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Women don’t need Planned Parenthood. The abortion giant only serves a small percentage of women.

Over and over, the American public is blasted with a deceptive message: Women need Planned Parenthood. In the words of Planned Parenthood President Cecile Richards, “One in five women in this country depend on Planned Parenthood for their health care.”

But do we, actually? The horrific stories, violations of law, and terrible lies coming from Planned Parenthood (and elsewhere) easily prove that women should never depend on the abortion giant. (More on how that one in five statement is a lie here.) It’s the statistics themselves that show we don’t need Planned Parenthood.

But since Planned Parenthood continues to claim that, if they are defunded, women will lack basic healthcare, let’s take a look at the real numbers.

How many women does Planned Parenthood actually serve?

The Guttmacher Institute – Planned Parenthood’s research arm – reports that there are 61 million reproductive-age women in the U.S.

According to Planned Parenthood’s 2013-2014 Annual Report the organization performs:

  • 487,029 Breast exams/Breast care (Note that this is not mammograms.)
  • 378,692 Pap tests

For 61 million women.

This means that, in one year, Planned Parenthood provides breast exams to just under 0.8% of the reproductive-age women in the United States.

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New medical recommendations state that some women only need a Pap test every three years. If we add the number of Pap tests PP has conducted over the last three years, and compare this total to the 61 million reproductive-age women in the U.S., we can see what percent of these women Planned Parenthood serves in any given three-year testing cycle.

Over the course of this three-year period, Planned Parenthood dropped the number of Pap tests provided by roughly 100,000 a year. In fiscal year 2013-2014, more than 200,000 less women received a Pap test at Planned Parenthood.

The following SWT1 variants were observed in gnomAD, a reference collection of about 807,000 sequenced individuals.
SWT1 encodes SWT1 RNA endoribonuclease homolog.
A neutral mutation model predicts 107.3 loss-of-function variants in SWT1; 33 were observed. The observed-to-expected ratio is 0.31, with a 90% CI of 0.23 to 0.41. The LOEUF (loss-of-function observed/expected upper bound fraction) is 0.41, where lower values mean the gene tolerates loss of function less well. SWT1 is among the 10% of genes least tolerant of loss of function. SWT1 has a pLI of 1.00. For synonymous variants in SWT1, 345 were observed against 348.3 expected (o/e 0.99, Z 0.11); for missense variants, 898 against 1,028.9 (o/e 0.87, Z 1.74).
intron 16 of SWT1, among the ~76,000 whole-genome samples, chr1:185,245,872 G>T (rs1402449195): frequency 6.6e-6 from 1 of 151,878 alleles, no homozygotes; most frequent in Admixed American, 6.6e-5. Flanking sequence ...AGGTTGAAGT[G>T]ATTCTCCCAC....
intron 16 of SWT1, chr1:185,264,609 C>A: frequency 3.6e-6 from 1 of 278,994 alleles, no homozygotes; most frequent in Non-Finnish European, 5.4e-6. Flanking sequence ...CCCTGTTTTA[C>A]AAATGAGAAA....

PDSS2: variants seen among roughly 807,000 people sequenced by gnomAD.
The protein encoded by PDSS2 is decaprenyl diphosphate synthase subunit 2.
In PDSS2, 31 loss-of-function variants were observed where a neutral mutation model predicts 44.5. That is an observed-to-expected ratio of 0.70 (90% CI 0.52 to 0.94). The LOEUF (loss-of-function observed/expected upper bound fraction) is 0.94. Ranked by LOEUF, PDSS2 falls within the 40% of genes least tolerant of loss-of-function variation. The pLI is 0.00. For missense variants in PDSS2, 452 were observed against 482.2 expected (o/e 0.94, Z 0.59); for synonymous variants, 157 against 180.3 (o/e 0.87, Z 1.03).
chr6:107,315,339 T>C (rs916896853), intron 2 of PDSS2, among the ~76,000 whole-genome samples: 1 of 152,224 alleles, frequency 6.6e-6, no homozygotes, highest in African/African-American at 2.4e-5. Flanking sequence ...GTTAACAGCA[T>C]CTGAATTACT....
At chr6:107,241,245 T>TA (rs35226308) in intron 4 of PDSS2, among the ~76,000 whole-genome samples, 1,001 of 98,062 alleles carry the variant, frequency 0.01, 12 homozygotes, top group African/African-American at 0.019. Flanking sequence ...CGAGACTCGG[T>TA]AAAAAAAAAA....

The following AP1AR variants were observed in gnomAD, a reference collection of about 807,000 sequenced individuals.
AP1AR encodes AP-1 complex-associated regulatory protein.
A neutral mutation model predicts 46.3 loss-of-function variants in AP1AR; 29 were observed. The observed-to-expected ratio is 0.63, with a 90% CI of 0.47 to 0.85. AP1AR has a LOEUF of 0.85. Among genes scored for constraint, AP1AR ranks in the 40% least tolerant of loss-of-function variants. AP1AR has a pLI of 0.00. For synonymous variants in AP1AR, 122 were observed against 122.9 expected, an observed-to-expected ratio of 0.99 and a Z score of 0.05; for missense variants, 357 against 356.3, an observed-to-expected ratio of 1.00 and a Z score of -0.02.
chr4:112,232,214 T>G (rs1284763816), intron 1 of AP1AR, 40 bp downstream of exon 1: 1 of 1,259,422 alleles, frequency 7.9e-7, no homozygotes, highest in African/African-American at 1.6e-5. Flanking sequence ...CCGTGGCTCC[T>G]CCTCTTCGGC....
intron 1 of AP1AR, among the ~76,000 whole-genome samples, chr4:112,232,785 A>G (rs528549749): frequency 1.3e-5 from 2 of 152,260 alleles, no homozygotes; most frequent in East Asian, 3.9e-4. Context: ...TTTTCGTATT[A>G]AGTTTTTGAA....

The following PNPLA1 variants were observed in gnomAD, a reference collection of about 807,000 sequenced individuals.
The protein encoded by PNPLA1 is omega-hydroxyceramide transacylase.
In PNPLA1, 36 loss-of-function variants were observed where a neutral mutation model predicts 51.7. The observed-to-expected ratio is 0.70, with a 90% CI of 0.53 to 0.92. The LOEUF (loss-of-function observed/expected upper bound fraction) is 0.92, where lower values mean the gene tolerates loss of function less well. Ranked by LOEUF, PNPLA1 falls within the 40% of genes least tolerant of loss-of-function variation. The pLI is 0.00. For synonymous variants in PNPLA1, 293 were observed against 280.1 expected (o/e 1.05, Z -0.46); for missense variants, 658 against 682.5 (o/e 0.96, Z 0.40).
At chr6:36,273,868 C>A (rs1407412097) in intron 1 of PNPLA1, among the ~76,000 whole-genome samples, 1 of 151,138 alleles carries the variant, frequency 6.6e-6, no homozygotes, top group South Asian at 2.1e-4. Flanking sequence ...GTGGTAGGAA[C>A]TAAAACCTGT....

Over this three-year testing cycle, Planned Parenthood gave Pap tests to 1,457,035 women. (There is the chance that some women were tested multiple times, but let’s be generous, and count each test as an individual woman.)

These numbers mean that PP, at the most, performed Pap tests for slightly less than 2.4% of reproductive-age American women in this three-year cycle. With the continual huge drop in number of tests provided, the next three-year cycle is virtually certain to show an even smaller percentage of women served.

Planned Parenthood, women, pap tests,Serves

And yet, Planned Parenthood loudly cries that they are women’s best healthcare provider. That women depend on them;  women need them; women will have nowhere to go without them.

Nowhere else to go, indeed.
Nowhere else to go, indeed.

The truth becomes even more obvious when, in contrast with these numbers, we consider that Planned Parenthood’s Senior Director of Medical Services stated that Planned Parenthood performs about 40% of the nation’s abortions.